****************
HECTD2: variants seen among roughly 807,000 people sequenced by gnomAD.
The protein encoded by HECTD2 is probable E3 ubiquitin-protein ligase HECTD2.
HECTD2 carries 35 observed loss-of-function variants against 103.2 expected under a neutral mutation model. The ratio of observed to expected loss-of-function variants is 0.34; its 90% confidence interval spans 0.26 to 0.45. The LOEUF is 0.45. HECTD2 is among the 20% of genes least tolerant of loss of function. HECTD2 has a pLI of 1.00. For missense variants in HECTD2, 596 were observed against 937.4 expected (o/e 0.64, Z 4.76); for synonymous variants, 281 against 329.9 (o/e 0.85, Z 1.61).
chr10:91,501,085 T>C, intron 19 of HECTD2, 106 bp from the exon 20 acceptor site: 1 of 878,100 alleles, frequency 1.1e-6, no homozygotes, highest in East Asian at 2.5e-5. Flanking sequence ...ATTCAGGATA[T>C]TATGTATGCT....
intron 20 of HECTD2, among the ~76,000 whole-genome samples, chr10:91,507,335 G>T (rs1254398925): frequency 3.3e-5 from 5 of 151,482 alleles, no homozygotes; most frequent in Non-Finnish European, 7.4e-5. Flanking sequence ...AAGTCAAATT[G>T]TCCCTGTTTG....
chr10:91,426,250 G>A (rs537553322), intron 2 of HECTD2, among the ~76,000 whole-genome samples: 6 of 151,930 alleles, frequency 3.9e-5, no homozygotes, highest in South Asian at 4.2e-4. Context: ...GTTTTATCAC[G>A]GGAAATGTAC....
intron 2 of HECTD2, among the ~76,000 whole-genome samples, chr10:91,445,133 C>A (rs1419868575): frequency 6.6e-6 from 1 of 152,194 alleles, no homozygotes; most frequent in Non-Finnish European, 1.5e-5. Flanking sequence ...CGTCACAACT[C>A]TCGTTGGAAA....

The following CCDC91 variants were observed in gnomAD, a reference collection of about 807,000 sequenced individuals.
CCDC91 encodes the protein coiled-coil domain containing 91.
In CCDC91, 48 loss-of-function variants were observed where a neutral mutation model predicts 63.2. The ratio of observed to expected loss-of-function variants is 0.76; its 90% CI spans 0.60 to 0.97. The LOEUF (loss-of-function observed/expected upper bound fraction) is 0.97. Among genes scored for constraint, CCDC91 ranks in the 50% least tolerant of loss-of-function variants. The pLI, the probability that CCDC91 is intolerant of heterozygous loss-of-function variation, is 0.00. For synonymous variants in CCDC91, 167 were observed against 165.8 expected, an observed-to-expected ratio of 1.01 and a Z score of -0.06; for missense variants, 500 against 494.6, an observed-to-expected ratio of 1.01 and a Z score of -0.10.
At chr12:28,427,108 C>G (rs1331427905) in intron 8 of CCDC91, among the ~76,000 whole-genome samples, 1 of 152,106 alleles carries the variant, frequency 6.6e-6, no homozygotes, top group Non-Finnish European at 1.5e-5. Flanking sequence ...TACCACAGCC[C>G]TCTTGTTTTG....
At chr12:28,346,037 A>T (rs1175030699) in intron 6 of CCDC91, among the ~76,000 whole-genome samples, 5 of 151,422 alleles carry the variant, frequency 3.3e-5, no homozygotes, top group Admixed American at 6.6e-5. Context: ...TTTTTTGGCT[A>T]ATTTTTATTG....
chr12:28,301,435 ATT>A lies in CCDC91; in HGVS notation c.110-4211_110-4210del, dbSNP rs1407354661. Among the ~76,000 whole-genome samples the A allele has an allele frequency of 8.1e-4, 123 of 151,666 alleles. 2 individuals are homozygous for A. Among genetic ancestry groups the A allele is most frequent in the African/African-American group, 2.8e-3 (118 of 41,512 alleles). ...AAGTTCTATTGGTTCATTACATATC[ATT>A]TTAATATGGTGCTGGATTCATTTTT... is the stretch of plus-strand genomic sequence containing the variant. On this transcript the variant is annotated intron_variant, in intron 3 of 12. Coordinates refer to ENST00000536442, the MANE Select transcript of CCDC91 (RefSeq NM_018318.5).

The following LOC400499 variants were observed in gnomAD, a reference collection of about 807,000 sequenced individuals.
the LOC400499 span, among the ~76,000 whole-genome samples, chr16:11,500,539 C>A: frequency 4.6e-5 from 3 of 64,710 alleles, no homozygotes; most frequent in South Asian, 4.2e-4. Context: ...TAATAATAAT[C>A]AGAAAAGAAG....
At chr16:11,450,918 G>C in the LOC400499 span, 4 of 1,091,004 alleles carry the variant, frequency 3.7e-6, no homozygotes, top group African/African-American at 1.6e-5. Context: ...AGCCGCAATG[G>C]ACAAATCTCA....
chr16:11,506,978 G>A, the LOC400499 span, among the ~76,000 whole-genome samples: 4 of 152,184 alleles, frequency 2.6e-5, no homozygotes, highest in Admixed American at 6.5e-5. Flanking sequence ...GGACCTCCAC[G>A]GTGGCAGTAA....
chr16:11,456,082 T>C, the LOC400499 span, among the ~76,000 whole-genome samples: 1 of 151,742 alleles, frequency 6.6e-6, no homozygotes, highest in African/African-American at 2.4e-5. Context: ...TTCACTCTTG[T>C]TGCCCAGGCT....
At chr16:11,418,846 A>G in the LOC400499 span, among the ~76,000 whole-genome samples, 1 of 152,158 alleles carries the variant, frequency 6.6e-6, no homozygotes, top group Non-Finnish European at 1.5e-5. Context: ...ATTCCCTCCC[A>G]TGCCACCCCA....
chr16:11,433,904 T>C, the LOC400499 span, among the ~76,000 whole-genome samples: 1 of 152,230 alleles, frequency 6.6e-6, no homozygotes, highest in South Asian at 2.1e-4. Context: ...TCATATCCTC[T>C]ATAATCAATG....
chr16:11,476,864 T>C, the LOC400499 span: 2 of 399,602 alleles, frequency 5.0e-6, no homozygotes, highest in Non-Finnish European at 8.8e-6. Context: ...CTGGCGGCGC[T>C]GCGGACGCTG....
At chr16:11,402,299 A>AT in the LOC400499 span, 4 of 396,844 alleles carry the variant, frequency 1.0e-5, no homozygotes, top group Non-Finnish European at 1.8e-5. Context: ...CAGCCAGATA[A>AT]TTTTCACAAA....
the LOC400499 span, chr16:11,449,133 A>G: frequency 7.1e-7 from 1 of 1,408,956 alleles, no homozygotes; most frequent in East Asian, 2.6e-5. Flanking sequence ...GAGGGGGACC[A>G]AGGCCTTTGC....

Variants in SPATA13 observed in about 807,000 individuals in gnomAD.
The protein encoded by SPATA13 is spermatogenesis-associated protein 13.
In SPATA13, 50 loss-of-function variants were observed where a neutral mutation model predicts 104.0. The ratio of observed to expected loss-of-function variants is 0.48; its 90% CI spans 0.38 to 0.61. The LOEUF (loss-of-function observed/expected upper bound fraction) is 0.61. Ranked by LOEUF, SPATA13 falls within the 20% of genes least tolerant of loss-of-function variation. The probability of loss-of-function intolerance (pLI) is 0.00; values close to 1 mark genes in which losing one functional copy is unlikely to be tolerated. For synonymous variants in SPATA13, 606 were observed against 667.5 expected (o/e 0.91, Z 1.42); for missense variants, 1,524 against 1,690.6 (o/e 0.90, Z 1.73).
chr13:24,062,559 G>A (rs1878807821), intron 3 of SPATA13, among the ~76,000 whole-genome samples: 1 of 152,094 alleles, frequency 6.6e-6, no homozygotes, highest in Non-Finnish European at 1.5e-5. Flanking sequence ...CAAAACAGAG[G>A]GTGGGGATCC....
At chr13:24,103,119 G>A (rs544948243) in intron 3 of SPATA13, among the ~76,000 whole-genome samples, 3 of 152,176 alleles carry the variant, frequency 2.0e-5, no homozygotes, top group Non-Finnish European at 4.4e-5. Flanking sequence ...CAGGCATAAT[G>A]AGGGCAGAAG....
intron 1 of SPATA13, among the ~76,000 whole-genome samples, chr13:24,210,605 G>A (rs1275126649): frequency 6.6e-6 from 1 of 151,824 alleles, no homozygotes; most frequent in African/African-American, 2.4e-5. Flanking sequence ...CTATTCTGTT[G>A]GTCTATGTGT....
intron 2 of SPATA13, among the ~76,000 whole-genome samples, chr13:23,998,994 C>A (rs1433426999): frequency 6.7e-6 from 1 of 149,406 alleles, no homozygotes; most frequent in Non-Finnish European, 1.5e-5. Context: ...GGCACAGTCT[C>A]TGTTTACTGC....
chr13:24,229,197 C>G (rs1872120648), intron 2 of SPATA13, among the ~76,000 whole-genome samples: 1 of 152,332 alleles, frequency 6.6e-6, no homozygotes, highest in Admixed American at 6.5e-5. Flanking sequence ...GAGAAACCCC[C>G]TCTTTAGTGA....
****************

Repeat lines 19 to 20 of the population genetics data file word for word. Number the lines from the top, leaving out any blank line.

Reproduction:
At chr16:11,418,846 A>G in the LOC400499 span, among the ~76,000 whole-genome samples, 1 of 152,158 alleles carries the variant, frequency 6.6e-6, no homozygotes, top group Non-Finnish European at 1.5e-5. Context: ...ATTCCCTCCC[A>G]TGCCACCCCA....
chr16:11,433,904 T>C, the LOC400499 span, among the ~76,000 whole-genome samples: 1 of 152,230 alleles, frequency 6.6e-6, no homozygotes, highest in South Asian at 2.1e-4. Context: ...TCATATCCTC[T>C]ATAATCAATG....